Bulimia Nervosa

What is bulimia nervosa
Symptoms of bulimia
A note about weight and bulimia
Emotional and behavioral signs of bulimia
Physical signs of bulimia
Health consequences of bulimia
Facts about bulimia

What is bulimia nervosa?

Bulimia nervosa (bulimia for short) is a serious, potentially life-threatening eating disorder characterized by a cycle of binge eating and compensatory behaviors such as self-induced vomiting designed to “undo” or compensate for the effects of binge eating.

Symptoms of bulimia

  • Recurrent episodes of binge eating. Binge eating is characterized by:
    • Eating, in a discrete period of time (e.g., within a two hour period), an amount of food that is definitely larger than what most people would eat during a similar period of time and under similar circumstances.
    • Lack of control over eating during the episode (e.g., a feeling that you cannot stop eating, or control what or how much you are eating).
  • Recurrent inappropriate compensatory behavior to prevent weight gain, such as self-induced vomiting, misuse of laxatives, diuretics, or other medications, fasting, or excessive exercise.
  • Self-evaluation is unduly influenced by body shape and weight.

A note about weight and bulimia

One common misconception is that people with bulimia are underweight. It’s estimated that only 6% of people with a clinical eating disorder are medically underweight. Even in cases where a person is a “normal” or higher BMI, there are still serious medical risks. If this is you, please know that yes, you ARE sick enough to deserve treatment, even if you’re not underweight.

Emotional and behavioral signs of bulimia can include:

  • In general, behaviors and attitudes indicating that weight loss, dieting, and control of food are becoming primary concerns
  • Evidence of binge eating, including disappearance of large amounts of food lots of empty wrappers and containers
  • Evidence of purging behaviors, including frequent trips to the bathroom after meals, signs and/or smells of vomiting, presence of packages of laxatives or diuretics
  • Skips meals or takes small portions of food at regular meals
  • Frequent dieting, including cutting out entire food groups (no sugar, no carbs, no dairy, vegetarianism/veganism)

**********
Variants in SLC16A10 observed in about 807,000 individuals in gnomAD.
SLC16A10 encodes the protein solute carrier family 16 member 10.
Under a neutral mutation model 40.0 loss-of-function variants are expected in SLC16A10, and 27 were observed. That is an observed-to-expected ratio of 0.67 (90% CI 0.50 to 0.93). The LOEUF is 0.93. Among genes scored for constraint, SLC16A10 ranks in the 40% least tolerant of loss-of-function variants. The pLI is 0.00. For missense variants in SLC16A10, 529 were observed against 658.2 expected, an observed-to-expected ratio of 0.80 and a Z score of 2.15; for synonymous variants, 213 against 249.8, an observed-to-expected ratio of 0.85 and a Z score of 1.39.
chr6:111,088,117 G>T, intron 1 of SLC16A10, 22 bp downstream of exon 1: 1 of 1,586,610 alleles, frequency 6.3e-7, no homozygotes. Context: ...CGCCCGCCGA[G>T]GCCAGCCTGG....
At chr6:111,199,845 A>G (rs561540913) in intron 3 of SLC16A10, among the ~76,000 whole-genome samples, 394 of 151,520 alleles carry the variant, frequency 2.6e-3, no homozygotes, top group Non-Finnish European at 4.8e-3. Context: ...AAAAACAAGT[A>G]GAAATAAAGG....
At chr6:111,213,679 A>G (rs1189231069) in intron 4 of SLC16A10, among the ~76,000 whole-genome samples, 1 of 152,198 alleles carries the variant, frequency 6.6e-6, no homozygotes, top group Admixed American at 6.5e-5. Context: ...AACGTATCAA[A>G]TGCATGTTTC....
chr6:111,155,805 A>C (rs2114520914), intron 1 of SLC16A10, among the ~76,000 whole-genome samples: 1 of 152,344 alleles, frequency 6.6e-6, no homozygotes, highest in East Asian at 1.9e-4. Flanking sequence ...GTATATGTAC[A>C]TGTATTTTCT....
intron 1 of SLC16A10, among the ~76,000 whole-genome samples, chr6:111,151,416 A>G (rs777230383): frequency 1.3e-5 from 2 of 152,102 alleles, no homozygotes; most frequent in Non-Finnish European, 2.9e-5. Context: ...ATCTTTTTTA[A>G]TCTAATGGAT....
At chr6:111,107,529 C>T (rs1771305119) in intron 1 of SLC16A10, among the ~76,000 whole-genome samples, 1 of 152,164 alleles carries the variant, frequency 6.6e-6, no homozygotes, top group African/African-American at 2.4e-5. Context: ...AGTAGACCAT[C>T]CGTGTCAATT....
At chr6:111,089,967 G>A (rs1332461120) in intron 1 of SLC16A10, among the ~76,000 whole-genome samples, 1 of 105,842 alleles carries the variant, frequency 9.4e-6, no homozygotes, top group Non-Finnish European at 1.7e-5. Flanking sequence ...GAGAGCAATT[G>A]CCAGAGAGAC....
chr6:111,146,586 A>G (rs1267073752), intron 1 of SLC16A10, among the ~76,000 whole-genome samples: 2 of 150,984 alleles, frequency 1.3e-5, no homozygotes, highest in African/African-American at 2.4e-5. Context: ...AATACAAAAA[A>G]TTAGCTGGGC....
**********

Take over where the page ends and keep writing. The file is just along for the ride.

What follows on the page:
• Fear of eating in public, anxiety eating with others
  • Steals or hoards food in strange places
  • Drinks excessive amounts of water or non-caloric beverages
  • Uses excessive amounts of mouthwash, mints, and gum
  • Hides body with baggy clothes
  • Maintains excessive, rigid exercise regimen – despite weather, fatigue, illness, or injury—due to the need to “burn off ” calories
  • Creates lifestyle schedules or rituals to make time for binge-and-purge sessions
  • Withdraws from usual friends and activities
  • Shows extreme concern with body weight and shape
  • Frequent checking in the mirror for perceived flaws in appearance
  • Extreme mood swings

Physical signs of bulimia can include:

  • Noticeable fluctuations in weight, both up and down
  • Gastrointestinal complaints (stomach pain, constipation, acid reflux, etc.)
  • Difficulty concentrating
  • Abnormal labs (anemia, low thyroid and hormone levels, low potassium, low blood cell counts, slow heart rate)
  • Dizziness and fainting
  • Feeling cold all the time
  • Sleep problems
  • Looks bloated from fluid retention
  • Cuts and calluses across the top of finger joints from inducing vomiting
  • Swelling of the cheeks or jaw area
  • Dental problems, such as discolored teeth, enamel erosion, cavities, and tooth sensitivity
  • Dry skin and dry and brittle nails
  • Hair loss, dry and brittle hair
  • Fatigue, muscle weakness
  • Menstrual irregularities — missing periods or only having a period while on hormonal contraceptives (this is not considered a “true” period)

Health consequences of bulimia

Bulimia can be extremely harmful to the body. The recurrent binge-and-purge cycles can damage the entire digestive system and purging behaviors can lead to electrolyte and chemical imbalances in the body that affect the heart and other major organ functions. Some of the health consequences of bulimia include:

  • Electrolyte imbalances that can lead to irregular heartbeats and possibly heart failure and death. Electrolyte imbalance is caused by dehydration and loss of potassium and sodium from the body as a result of purging behaviors.
  • Inflammation and possible rupture of the esophagus from frequent vomiting.
  • Tooth decay and staining from stomach acids released during frequent vomiting.
  • Chronic irregular bowel movements and constipation as a result of laxative abuse.
  • Gastric rupture is an uncommon but possible side effect of binge eating.

Facts about bulimia

  • People struggling with bulimia can be at any weight.
  • 5 percent of American women suffer from bulimia nervosa in their lifetime.
  • Nearly half of bulimia patients have a comorbid mood disorder such as depression.
  • More than half of bulimia patients have comorbid anxiety disorders.
  • 1 in 10 bulimia patients have a comorbid substance abuse disorder, usually alcohol use.

Take the Eating Disorder Self-Test to find out if you might have an eating disorder like bulimia.

Please reach out for help and support.

If you think you are or someone you care about is struggling with bulimia, contact us here or click below to schedule an appointment online.